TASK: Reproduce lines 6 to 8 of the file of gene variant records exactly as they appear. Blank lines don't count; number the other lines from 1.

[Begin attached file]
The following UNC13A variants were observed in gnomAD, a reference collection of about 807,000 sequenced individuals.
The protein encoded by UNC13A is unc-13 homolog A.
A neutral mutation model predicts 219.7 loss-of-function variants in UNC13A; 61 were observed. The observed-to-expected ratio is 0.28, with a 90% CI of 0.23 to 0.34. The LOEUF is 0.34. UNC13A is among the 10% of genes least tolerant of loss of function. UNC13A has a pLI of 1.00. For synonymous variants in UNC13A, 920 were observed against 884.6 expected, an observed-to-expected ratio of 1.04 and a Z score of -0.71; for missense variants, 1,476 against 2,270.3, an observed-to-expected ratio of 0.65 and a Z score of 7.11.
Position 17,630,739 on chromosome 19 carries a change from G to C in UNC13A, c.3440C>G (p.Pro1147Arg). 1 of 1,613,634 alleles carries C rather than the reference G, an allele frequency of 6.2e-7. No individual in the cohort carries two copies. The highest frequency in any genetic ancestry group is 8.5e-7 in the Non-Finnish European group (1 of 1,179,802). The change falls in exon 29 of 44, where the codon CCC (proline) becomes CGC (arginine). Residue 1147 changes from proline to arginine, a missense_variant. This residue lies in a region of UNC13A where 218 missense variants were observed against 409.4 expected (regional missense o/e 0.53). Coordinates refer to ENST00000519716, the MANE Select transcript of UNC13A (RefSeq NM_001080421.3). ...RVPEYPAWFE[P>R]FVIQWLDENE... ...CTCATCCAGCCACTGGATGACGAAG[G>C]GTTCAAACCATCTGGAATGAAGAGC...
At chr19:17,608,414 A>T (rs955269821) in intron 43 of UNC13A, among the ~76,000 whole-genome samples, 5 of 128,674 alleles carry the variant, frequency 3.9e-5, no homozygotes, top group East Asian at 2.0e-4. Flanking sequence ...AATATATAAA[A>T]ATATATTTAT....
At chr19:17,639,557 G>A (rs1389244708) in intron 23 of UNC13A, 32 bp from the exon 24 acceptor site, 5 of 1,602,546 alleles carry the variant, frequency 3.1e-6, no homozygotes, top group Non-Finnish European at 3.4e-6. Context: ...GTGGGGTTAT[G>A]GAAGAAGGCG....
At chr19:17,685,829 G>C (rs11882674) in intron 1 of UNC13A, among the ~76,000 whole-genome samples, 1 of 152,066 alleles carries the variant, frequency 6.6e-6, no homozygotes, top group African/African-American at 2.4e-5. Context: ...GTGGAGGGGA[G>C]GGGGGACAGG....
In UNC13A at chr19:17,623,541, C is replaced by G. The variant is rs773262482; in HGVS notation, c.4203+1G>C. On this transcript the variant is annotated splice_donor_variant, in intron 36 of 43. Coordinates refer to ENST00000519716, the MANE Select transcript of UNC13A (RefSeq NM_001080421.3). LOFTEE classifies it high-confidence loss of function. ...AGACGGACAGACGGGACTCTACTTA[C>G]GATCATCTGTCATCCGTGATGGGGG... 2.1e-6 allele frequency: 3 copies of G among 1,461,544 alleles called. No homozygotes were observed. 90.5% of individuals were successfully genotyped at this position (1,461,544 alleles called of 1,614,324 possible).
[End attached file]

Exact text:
At chr19:17,639,557 G>A (rs1389244708) in intron 23 of UNC13A, 32 bp from the exon 24 acceptor site, 5 of 1,602,546 alleles carry the variant, frequency 3.1e-6, no homozygotes, top group Non-Finnish European at 3.4e-6. Context: ...GTGGGGTTAT[G>A]GAAGAAGGCG....
At chr19:17,685,829 G>C (rs11882674) in intron 1 of UNC13A, among the ~76,000 whole-genome samples, 1 of 152,066 alleles carries the variant, frequency 6.6e-6, no homozygotes, top group African/African-American at 2.4e-5. Context: ...GTGGAGGGGA[G>C]GGGGGACAGG....
In UNC13A at chr19:17,623,541, C is replaced by G. The variant is rs773262482; in HGVS notation, c.4203+1G>C. On this transcript the variant is annotated splice_donor_variant, in intron 36 of 43. Coordinates refer to ENST00000519716, the MANE Select transcript of UNC13A (RefSeq NM_001080421.3). LOFTEE classifies it high-confidence loss of function. ...AGACGGACAGACGGGACTCTACTTA[C>G]GATCATCTGTCATCCGTGATGGGGG... 2.1e-6 allele frequency: 3 copies of G among 1,461,544 alleles called. No homozygotes were observed. 90.5% of individuals were successfully genotyped at this position (1,461,544 alleles called of 1,614,324 possible).